SC verdict on pleas against demonetisation on Monday | India News

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NEW DELHI: A five-judge Supreme Court Constitution bench will on January 2, the first day of business after winter break, deliver its judgment on a bunch of petitions which had challenged the Union government’s November 8, 2016 decision to demonetise Rs 500 and Rs 1,000 currency notes.
All 58 petitions are listed for judgment on January 2 before a bench of Justices S Abdul Nazeer, BR Gavai, AS Bopanna, V Ramasubramanian and BV Nagarathna.
Most petitions challenged the validity of demonetisation while some sought a fresh window for exchanging scrapped notes which could not be exchanged within the deadline.
According to Monday’s cause list of the top court, there will be two separate judgments in the matter, which will be pronounced by Justices B R Gavai and B V Nagarathna. It is not clear whether the two judgments will be concurring or dissenting.
Besides Justices Nazeer, Gavai and Nagarathna, the other members of the five-judge bench are Justices A S Bopanna and V Ramasubramanian.
The top court had, on December 7, directed the Centre and the Reserve Bank of India (RBI) to put on record the relevant records relating to the government’s 2016 decision and reserved its verdict.
It heard the arguments of Attorney General R Venkataramani, the RBI’s counsel and the petitioners’ lawyers, including senior advocates P Chidambaram and Shyam Divan.
Calling the scrapping of the Rs 500 and Rs 1,000 currency notes deeply flawed, Chidambaram had argued that the government cannot on its own initiate any proposal relating to legal tender, which can only be done on the recommendation of the RBI’s central board.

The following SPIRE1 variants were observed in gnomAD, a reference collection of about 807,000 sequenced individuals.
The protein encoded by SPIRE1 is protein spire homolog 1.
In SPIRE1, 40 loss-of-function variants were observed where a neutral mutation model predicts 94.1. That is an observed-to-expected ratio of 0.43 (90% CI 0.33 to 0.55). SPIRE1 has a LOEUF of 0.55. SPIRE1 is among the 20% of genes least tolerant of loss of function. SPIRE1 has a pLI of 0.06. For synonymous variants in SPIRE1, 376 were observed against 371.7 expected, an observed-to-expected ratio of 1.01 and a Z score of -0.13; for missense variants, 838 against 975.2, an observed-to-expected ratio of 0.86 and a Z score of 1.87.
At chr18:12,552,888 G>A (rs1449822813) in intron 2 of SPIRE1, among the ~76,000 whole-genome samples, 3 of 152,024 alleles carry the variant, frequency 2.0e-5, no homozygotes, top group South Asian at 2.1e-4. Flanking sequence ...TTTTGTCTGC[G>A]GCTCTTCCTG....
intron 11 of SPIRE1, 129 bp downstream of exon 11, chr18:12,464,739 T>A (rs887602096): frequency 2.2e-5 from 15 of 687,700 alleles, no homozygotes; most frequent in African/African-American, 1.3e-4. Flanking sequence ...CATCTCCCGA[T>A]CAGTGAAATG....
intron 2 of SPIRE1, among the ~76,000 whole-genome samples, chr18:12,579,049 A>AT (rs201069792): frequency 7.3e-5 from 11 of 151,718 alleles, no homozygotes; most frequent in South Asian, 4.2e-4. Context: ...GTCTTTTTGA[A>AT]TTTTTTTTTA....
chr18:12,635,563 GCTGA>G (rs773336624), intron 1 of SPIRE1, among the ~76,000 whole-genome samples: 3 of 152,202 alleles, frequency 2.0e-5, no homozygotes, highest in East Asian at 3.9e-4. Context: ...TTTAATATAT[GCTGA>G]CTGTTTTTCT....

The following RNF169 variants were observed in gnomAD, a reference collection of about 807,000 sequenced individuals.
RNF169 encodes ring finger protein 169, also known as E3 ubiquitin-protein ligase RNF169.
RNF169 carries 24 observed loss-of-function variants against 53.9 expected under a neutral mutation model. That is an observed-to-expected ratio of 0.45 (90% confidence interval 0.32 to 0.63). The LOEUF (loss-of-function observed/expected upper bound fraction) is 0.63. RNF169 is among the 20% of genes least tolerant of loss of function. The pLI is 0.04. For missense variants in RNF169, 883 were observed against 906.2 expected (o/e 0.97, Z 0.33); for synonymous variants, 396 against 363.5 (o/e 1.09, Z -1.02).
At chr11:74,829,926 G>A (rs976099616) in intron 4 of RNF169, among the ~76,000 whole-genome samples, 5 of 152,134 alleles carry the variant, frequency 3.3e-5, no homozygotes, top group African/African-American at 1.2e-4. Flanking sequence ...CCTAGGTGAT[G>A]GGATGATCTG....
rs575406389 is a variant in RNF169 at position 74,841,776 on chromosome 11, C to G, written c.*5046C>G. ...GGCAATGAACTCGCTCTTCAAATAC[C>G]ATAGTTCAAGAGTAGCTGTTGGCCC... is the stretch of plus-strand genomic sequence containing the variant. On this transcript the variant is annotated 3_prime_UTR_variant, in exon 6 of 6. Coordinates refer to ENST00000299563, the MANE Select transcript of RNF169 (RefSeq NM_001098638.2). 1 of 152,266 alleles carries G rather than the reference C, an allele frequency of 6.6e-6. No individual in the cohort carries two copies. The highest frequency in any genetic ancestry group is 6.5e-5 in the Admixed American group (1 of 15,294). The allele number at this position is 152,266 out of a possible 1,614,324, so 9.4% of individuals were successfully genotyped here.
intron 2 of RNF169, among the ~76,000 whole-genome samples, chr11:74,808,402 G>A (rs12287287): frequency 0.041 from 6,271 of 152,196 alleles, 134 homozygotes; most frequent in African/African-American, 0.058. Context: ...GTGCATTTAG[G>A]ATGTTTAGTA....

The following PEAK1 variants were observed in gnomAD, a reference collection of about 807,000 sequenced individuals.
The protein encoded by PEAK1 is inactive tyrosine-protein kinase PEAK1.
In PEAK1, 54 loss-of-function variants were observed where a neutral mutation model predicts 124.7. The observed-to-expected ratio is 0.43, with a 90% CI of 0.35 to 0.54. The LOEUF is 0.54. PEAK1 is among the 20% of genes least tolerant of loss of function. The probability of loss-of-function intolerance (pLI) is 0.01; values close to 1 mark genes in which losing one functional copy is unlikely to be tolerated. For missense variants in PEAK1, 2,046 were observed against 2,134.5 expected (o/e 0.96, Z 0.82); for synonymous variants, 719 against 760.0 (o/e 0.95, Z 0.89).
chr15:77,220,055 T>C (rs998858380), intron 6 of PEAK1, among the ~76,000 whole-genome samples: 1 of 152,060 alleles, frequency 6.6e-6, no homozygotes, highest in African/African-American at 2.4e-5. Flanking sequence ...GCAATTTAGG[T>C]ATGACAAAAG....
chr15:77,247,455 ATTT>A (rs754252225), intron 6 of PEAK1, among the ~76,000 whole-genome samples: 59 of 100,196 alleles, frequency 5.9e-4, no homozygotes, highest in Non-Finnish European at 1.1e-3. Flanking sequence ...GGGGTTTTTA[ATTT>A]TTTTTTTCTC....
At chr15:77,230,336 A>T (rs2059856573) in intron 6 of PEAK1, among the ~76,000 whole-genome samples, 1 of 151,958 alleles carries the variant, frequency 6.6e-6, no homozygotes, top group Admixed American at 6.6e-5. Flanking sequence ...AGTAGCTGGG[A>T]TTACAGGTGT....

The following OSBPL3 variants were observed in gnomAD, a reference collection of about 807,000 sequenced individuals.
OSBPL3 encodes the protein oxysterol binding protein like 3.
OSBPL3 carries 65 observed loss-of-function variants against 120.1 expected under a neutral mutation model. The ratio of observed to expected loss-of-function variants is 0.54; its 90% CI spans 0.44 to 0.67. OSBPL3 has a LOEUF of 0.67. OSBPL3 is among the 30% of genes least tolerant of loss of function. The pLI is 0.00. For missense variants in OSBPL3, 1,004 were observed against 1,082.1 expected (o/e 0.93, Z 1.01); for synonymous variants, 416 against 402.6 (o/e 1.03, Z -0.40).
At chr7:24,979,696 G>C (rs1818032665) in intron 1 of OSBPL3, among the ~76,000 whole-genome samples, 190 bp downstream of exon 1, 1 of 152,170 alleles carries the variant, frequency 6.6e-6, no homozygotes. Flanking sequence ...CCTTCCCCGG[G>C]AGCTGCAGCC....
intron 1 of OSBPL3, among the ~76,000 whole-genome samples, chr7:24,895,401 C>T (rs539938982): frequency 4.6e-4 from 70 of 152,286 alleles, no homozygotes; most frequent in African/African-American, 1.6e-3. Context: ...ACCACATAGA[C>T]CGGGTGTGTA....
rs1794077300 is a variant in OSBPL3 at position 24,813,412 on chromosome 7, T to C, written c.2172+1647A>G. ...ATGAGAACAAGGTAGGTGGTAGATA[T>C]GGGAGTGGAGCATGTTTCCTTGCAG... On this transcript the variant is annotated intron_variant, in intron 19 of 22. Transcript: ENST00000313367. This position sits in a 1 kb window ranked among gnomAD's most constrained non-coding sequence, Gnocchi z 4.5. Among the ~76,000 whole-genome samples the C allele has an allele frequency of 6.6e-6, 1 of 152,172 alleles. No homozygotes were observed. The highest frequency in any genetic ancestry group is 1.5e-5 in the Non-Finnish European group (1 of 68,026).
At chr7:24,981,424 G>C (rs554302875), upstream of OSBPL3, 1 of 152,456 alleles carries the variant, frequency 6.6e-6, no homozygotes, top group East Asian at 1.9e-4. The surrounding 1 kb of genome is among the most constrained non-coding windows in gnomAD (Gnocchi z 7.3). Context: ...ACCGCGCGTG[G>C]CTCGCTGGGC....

Resisting the apex court’s attempt to revisit the 2016 demonetisation exercise, the government had said the court cannot decide a matter when no tangible relief can be granted by way of “putting the clock back” and “unscrambling a scrambled egg”.
The bench had dropped loud hints, during hearings between November 24 and December 7, that the judicial scrutiny of the government’s decision to demonetise may not involve scrapping it as the clock cannot be turned back after five years. However, it had said that the elaborate arguments advanced by the petitioners as well as the government on aspects of the procedure and provisions of RBI Act may persuade it to lay down guidelines for such exercises in future.
The RBI had earlier admitted in its submissions that there were “temporary hardships” and that those too are an integral part of the nation-building process, but there was a mechanism by which the problems that arose were solved.
In an affidavit, the Centre told the top court recently that the demonetisation exercise was a “well-considered” decision and part of a larger strategy to combat the menace of fake money, terror financing, black money and tax evasion.



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